GeoJSON Path Finder

Find shortest paths through a network of GeoJSON.

Given a network of GeoJSON

`LineString`

s, GeoJSON Path Finder will find the shortest path between two points in the network. This might be useful for automatic route searches in smaller networks, where setting up a real route planner like OSRM is too much work, or you simply need to do everything on the client.See the GeoJSON Path Finder demo.

*Upgrade notice*Version 2.0 has been released, which is a TypeScript rewrite - you can still use the module from plain JavaScript, of course. This version also contains some breaking changes regarding option naming; for most common use cases, everything will work as before.

Breaking changes:

- option
`precision`

is now named`tolerance`

- option
`keyFn`

is now named`key`

- option
`weightFn`

is now named`weight`

- option
`edgeDataReduceFn`

is now named`edgeDataReducer`

- option
`edgeDataSeed`

is now*a function*taking the properties of the start node

## Installing

`npm install --save geojson-path-finder`

## API

Detailed (and somewhat experimental) API DocsCreate a path finding object:

```
import PathFinder from "geojson-path-finder";
import geojson from "./network.json";
const pathFinder = new PathFinder(geojson);
```

The GeoJSON object should be a

`FeatureCollection`

of `LineString`

features. The network will be built
into a topology, so that lines that start and end, or cross, at the same coordinate are joined such that
you can find a path from one feature to the other.To find the shortest path between two coordinates:

`var path = pathFinder.findPath(start, finish);`

Where

`start`

and `finish`

are two GeoJSON `point`

features. Note that both points *have to*be vertices in the routing network; if they are not, no route will be found.

If a route can be found, an object with two properties:

`path`

and `weight`

is returned, where `path`

is the coordinates the path runs through, and `weight`

is the total weight (distance in kilometers, if you use the default weight function) of the path.As a convenience, the function

`pathToGeoJSON`

is also exported, it converts the result of a `findPath`

call to
a GeoJSON linestring:```
import PathFinder, { pathToGeoJSON } from "geojson-path-finder";
const pathFinder = new PathFinder(geojson);
const pathLineString = pathToGeoJSON(pathFinder.findPath(start, finish));
```

(If

`findPath`

does not find a path, pathToGeoJSON will also return `undefined`

.)`PathFinder`

options

The `PathFinder`

constructor takes an optional seconds parameter containing `options`

that you can
use to control the behaviour of the path finder. Available options:`weight`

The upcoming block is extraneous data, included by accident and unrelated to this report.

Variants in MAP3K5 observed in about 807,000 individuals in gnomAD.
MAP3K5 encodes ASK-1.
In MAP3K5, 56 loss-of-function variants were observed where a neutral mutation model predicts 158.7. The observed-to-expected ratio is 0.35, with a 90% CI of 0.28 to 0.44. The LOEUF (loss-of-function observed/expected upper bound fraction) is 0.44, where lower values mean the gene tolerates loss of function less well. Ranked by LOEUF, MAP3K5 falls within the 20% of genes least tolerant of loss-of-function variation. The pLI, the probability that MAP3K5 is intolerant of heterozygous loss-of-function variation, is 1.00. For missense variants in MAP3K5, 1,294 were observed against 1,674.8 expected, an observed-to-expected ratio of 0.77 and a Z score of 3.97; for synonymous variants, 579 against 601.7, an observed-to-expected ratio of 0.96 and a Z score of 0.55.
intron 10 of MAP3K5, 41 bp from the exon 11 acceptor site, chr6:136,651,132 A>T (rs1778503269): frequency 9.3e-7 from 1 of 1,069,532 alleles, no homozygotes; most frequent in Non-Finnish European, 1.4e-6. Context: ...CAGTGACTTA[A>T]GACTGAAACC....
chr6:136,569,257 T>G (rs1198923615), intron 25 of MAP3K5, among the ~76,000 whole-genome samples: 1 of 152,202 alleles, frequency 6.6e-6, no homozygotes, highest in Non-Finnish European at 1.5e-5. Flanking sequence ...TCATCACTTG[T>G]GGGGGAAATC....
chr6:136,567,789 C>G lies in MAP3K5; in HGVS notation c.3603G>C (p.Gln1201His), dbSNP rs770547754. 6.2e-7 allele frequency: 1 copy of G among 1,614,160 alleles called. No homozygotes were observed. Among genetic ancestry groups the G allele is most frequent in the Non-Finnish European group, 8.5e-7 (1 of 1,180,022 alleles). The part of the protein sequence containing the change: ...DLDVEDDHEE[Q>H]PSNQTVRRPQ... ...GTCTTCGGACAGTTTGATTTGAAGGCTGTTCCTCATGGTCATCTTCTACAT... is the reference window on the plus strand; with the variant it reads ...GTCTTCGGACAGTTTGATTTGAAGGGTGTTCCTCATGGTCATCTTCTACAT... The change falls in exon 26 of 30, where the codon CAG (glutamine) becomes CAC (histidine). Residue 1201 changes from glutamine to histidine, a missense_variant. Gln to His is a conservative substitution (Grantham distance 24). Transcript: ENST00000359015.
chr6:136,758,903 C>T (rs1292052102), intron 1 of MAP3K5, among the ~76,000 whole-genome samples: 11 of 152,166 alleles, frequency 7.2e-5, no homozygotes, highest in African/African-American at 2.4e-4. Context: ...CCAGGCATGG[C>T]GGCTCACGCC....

controls how the weight (or cost) of travelling between two vertices is calculated;

`tolerance`

(default`1e-5`

) controls the tolerance for how close vertices in the GeoJSON can be

`edgeDataReducer`

can optionally be used to store data present in the GeoJSON on each edge of

`edgeDatas`

property`edgeDataSeed`

is a function returning taking a network feature's`properties`

as argument and returning the seed used when reducing edge data with the`edgeDataReducer`

above

## Weight functions

By default, the*cost*of going from one node in the network to another is determined simply by the geographic distance between the two nodes. This means that, by default, shortest paths will be found. You can however override this by providing a cost calculation function through the

`weight`

option:```
const pathFinder = new PathFinder(geojson, {
weight: function (a, b, props) {
const dx = a[0] - b[0];
const dy = a[1] - b[1];
return Math.sqrt(dx * dx + dy * dy);
},
});
```

The weight function is passed two coordinate arrays (in GeoJSON axis order), as well as the feature properties that are associated with this feature, and should return either:

- a numeric value for the cost of travelling between the two coordinates; in this case, the cost is assumed

`a`

to `b`

as going from `b`

to `a`

; as cost of `0`

means the edge can't be used- an object with two properties:
`forward`

and`backward`

; in this case,

`forward`

denotes the cost of going from `a`

to `b`

, and
`backward`

the cost of going from `b`

to `a`

; setting either
to `0`

will prevent taking that direction, the segment will be a oneway.`undefined`

is the same as setting the weight to`0`

: this edge can't be used